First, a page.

One Man’s Impact: Planting 152 Million Trees in 10 Years

Haidar el Ali has been planting trees since 2009 – and his efforts have been no small feat. What he’s done has produced one of the most historical successes in modern large-scale reforestation. He is responsible for the restoration of an entire Senegalese mangrove swamp.

One Man’s Impact: Planting 152 Million Trees in 10 Years

Forests are known to be one of the most resilient habitats in the world, and they are also one of the most exploited. The scientific community began to encourage tree planting in order to “re-wild” the lost forest ecosystems. Some people, Haidar el Ali being one of them, stepped up, rolled up their sleeves, and produced some remarkable results.

Making an Impact on the Environment

Haidar el Ali was the former Minister of Ecology in Senegal and at 67-years, he was able to bring the citizens together to help him plant 152 million mangrove buds by hand. In turn, it created a beautiful mangrove forest on the coast of Senegal that stretches hundreds of square miles and is now one of the largest of its kind in the world.

Current estimations state that 2.4 billion acres of additional forest cover the earth, and they are responsible for sucking 25% of all carbon that is pumped into the atmosphere. Due to this, trees and mangroves help to filter river mud from entering the sea as well as by absorbing tidal waves and tsunamis. They also provide habitat to near-shore wildlife like birds, insects, fish, reptiles, and monkeys.

One Man’s Impact: Planting 152 Million Trees in 10 Years

Committing to the Goal

The mangrove trees are planted by taking a burgeoning or mangrove leaf and planting the lower third portion of it into the mud. You then take 2 steps and plant another one. Haidar enjoys making a positive impact on the environment by planting these trees, and he takes a lot of satisfaction in doing it. In an interview, he mentions that he is ready to plant these trees every day, every evening, and for the rest of his life.

New Real-Life Conservationist Project to Involve Common Animal-Lovers in Arctic Walrus Census

While climate change is bothering humankind, it is affecting the animal kingdom much more. Scientists and conservationists are now coming up with more and more unique engaging ideas to monitor and preserve endangered species, keeping the global ecology in balance. The new collaborative project of the British Antarctic Survey and WWF will directly involve animal lovers worldwide in the important task of monitoring an Arctic species.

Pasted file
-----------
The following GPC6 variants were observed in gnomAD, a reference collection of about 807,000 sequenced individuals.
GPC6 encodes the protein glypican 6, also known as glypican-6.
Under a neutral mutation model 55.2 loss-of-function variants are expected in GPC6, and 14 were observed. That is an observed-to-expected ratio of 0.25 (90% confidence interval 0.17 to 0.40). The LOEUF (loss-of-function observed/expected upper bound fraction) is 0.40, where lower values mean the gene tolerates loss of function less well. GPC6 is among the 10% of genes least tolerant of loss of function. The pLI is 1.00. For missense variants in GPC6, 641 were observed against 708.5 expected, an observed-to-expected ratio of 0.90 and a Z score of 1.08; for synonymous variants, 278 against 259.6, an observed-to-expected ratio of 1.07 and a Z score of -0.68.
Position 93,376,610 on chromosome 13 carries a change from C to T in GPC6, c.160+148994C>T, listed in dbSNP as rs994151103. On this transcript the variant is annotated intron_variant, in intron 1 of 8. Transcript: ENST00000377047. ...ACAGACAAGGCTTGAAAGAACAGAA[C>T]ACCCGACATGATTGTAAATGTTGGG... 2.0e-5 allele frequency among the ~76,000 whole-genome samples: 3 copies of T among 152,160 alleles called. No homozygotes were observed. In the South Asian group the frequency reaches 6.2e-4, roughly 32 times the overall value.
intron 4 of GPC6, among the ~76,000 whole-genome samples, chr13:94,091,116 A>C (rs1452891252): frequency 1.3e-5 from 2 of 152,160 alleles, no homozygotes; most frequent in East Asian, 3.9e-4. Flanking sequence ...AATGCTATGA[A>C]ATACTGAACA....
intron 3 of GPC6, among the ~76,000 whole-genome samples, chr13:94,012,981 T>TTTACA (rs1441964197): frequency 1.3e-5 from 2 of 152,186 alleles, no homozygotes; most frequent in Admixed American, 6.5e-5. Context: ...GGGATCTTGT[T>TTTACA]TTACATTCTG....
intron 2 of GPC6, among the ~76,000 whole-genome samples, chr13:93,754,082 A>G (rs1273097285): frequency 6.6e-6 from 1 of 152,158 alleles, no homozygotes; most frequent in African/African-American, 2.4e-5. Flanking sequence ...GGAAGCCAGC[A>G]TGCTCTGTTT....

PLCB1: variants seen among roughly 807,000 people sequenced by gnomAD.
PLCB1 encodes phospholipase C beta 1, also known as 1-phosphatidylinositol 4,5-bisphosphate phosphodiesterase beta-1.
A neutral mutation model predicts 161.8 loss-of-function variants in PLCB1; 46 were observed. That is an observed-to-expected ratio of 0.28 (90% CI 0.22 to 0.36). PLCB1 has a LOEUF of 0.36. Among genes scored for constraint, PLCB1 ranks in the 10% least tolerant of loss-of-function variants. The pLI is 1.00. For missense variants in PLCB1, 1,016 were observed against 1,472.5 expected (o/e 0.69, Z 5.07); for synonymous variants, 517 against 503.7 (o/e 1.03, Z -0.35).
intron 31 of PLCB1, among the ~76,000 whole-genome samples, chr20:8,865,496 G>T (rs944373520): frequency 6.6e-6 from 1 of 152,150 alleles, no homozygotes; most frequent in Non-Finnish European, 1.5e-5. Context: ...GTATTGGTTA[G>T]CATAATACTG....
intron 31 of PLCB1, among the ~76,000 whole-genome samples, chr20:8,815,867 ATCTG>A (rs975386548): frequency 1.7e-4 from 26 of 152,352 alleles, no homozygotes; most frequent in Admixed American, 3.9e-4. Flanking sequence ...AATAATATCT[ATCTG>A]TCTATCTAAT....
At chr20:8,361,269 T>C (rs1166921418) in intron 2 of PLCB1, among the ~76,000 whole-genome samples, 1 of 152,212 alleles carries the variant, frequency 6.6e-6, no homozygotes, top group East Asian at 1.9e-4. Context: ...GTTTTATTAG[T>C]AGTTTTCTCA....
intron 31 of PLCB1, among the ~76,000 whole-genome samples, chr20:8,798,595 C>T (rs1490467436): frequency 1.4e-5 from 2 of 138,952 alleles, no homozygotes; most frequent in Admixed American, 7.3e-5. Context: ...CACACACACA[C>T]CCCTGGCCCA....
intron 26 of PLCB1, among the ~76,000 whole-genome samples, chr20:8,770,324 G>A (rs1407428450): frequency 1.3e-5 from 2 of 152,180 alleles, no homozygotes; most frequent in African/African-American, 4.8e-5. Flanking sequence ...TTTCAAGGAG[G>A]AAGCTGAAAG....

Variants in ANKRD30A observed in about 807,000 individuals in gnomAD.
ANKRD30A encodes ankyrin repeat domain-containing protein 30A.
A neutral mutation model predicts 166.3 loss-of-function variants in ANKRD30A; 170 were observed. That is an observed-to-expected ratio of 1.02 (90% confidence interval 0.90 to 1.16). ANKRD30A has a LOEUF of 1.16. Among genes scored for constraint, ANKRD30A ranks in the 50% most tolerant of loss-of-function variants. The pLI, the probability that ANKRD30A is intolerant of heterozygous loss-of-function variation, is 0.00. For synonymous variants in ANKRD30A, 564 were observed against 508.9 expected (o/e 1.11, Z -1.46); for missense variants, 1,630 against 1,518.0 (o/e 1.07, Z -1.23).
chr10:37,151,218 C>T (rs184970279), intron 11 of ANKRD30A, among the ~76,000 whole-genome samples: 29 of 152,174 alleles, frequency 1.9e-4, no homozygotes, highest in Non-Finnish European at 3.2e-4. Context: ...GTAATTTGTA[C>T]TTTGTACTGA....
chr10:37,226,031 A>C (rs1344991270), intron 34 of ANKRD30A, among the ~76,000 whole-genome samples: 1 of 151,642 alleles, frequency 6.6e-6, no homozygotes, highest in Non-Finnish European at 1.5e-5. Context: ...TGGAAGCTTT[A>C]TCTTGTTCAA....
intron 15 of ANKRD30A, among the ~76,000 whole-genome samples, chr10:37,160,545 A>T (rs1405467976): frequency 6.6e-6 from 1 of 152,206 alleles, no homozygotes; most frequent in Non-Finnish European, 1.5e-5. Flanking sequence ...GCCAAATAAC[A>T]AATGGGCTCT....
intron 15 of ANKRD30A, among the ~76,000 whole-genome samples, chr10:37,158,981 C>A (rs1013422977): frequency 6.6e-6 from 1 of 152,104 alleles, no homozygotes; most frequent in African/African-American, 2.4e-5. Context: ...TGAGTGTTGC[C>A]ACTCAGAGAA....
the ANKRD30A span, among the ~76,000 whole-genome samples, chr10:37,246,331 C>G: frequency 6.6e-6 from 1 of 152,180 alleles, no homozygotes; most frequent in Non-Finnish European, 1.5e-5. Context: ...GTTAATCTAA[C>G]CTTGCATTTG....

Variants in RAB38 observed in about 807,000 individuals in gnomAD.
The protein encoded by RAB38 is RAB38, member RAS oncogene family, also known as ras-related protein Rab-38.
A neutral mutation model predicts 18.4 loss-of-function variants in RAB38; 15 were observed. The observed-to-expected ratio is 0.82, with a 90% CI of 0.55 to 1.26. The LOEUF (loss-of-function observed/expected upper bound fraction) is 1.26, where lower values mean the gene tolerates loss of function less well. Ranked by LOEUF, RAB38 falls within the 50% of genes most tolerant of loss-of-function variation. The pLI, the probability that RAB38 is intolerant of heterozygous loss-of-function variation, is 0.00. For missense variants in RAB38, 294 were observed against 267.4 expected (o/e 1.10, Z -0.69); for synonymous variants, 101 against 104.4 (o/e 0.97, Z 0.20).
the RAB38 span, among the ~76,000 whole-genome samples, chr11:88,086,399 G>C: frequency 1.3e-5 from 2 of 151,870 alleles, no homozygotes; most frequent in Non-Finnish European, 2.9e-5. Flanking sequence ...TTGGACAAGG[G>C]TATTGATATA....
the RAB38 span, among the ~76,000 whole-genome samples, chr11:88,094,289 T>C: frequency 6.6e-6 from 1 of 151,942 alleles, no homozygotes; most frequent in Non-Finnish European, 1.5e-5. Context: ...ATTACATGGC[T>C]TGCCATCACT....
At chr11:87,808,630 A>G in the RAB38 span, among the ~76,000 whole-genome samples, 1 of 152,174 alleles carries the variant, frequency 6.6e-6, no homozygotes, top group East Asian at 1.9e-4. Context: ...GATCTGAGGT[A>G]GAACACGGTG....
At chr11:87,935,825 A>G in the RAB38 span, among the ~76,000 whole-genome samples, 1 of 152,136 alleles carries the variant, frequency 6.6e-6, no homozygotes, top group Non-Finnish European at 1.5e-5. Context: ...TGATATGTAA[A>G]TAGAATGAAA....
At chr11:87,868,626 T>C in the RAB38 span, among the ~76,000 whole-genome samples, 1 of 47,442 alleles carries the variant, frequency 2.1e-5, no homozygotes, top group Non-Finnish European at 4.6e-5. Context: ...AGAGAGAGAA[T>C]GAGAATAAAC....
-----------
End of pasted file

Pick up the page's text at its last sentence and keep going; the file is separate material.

The Project

The ‘Walrus from Space’ research project is a joint collaboration of WWF and the British Antarctic Survey and is designed to get a clearer picture of the population and activities of the Arctic walrus without disturbing the animals physically. Under the project, the scientists used space satellites to capture a range of high-resolution images of the walrus population. In literally thousands of images, the walrus groups are seen to be congregated on more than 9,653 square miles along the Arctic coastline. Cumulatively, the area is larger than all of Wales. Walruses are a culturally significant iconic species of the Arctic coastline, threatened continuously by the global climate crisis.

The Real-Life Involvement

Under a real-life inclusive initiative, named ‘Where’s Wally?’, scientists are now appealing to the common people to help them count the number of Walrus from the satellite images. The unique project will directly involve animal lovers and enthusiasts across the globe in scanning the images helping the project scientists to monitor the Walrus population. According to the chief polar adviser at WWF Rod Downie, anyone from any background can take part in this voluntary project of Walrus census and can do the task by using their own computers. They just have to undergo a short online training module before jumping into action.

The Vision Behind

The climate crisis is becoming a serious global threat with each passing day. Feeling powerless in the face of nature is only natural here. This project aims to increase global awareness, and scientists and conservationists are hoping to enable individuals to take direct action.